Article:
Welcome to 2012, a time in which hacking is praised in S-1 filings. Facebook, you may have, just maybe, heard, is going public. The IPO has set off a flurry of interest among investors and the media. Meanwhile, the company's youthful founder took the occasion to pen a letter about the fundamental mission behind his multi-billion dollar brain child. "The Hacker Way," he writes is central to how Facebook does business:
The word "hacker" has an unfairly negative connotation from being portrayed in the media as people who break into computers. In reality, hacking just means building something quickly or testing the boundaries of what can be done…. The Hacker Way is an approach to building that involves continuous improvement and iteration. Hackers believe that something can always be better, and that nothing is ever complete. They just have to go fix it—often in the face of people who say it’s impossible or are content with the status quo.
Hackers try to build the best services over the long term by quickly releasing and learning from smaller iterations rather than trying to get everything right all at once.
How does Facebook put this hacker ethos into practice and instill these ideals in its employees? Hackathons, says Zuckerburg. "To encourage this approach, every few months we have a hackathon, where everyone builds prototypes for new ideas they have. At the end, the whole team gets together and looks at everything that has been built. Many of our most successful products came out of hackathons, including Timeline, chat, video, our mobile development framework and some of our most important infrastructure like the HipHop compiler."
A hackathon is an intriguing idea to drive talent towards risk taking, experimentation and, dare I type it, even fun. But can it work in firms that lack hackers, meaning those in older school industries that produce physical goods or analog services rather than code? Sure, says writer and entrepreneur Glen Stansberry in an American Express OPEN Forum post recently, explaining that a "hack day" might be a great idea for your business as well for several reasons:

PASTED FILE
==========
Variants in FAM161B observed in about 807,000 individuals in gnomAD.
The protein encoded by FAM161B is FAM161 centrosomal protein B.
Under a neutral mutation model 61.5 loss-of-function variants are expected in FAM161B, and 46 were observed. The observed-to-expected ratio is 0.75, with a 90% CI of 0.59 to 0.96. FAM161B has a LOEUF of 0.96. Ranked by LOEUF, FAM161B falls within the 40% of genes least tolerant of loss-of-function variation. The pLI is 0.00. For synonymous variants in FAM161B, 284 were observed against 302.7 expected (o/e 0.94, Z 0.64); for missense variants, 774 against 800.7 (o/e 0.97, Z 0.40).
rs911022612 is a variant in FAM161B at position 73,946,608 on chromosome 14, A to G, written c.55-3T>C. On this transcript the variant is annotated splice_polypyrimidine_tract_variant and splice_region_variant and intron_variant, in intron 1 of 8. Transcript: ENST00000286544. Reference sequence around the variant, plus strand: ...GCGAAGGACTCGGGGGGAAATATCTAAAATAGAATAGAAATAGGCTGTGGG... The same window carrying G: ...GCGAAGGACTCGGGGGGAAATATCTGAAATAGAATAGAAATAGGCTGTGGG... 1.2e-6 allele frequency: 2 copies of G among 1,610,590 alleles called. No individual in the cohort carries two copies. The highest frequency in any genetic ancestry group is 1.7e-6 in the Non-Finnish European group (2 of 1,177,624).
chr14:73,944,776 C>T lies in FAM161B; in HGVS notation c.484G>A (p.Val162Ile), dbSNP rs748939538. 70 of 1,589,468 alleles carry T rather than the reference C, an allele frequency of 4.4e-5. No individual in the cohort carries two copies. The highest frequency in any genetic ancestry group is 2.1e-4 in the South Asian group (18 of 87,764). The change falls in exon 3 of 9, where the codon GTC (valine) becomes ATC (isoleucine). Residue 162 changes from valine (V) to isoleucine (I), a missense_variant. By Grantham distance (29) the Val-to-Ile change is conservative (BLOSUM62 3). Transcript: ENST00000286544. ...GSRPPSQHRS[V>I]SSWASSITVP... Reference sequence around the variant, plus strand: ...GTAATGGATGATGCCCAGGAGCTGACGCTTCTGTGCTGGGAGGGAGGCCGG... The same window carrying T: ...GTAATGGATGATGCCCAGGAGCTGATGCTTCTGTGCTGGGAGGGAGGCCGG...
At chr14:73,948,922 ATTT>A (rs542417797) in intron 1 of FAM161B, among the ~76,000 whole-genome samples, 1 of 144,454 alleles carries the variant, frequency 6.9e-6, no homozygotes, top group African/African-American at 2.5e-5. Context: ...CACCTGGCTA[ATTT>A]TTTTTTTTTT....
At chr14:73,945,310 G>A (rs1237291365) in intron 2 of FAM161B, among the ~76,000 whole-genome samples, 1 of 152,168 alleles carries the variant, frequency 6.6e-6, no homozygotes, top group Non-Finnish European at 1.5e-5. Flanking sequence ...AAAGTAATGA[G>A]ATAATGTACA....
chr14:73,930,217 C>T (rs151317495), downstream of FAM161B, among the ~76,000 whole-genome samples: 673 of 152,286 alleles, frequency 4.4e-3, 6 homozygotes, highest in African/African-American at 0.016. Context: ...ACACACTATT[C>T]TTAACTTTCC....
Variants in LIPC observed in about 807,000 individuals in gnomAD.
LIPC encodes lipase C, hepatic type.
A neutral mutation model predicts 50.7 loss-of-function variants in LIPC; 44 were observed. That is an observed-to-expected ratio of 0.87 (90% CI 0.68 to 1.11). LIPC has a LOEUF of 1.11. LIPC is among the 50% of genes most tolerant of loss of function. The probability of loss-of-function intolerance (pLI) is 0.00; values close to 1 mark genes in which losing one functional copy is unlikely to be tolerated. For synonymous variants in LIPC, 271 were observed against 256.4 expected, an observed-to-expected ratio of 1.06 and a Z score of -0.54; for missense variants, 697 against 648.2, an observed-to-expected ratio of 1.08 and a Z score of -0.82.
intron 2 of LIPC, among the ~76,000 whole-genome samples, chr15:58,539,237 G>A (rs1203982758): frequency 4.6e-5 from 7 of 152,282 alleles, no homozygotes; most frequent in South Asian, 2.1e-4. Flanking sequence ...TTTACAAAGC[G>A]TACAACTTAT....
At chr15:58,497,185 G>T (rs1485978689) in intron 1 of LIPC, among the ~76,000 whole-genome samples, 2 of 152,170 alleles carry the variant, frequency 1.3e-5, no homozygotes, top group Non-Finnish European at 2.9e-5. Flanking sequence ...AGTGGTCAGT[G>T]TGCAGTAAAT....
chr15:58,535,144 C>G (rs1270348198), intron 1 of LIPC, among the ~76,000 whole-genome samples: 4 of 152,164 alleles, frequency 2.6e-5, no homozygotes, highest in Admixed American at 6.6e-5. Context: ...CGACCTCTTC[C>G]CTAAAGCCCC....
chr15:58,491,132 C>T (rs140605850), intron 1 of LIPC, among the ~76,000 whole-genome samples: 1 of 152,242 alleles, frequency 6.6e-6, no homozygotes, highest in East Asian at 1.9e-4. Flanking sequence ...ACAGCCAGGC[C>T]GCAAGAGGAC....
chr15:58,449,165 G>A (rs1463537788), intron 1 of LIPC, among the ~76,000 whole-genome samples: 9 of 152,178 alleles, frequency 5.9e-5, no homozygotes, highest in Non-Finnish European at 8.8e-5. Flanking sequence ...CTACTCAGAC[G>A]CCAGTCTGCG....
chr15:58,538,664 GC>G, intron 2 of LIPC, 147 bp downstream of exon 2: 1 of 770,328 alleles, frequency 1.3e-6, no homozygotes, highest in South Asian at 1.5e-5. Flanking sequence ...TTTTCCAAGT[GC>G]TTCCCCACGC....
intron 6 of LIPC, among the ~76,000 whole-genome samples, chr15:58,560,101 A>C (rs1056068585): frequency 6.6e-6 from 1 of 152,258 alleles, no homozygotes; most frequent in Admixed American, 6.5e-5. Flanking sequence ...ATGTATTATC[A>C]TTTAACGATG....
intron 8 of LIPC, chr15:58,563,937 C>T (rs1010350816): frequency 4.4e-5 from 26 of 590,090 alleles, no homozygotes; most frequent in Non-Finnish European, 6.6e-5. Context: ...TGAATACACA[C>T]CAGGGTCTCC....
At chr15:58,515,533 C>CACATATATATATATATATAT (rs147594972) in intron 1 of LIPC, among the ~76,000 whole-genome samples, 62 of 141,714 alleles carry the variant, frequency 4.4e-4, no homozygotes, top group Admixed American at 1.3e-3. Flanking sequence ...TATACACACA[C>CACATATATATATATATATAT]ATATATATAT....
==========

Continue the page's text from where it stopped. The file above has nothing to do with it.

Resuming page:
- It's exciting and morale boosting. "The event itself was far more exciting than I thought it would be," says Stansberry of his company's hack day.
- It teaches the skill of shipping. "Shipping–as defined by Seth Godin–is defeating resistance and delivering a product, even if the product isn't perfect."
- Having a hack day project "out there" gives you something to start improving. "When our Hack Day was done, we had something that was, in all honesty, pretty terrible," Stansberry admits. "But that's not the important part. The important part was the psychological boost of knowing that it was out there, and it's driven us to improve it daily."
If you think you need to be in the tech biz to reap these same benefits, think again. Nearly all business have a problem or project that you team could tackle for a hack day, according to Stansberry:
Most likely there's a new idea, or some aspect of your business that needs some serious work. A hack day is a perfect opportunity to tackle it. The important thing is that you take a day to make a minimum viable product and release it. So the question for you is this: what can you do to improve your business in a day? What can you build or re-work in a day that will allow your team to feel the success of shipping?
Could borrowing the concept of Facebook's "hackathon" benefit your business?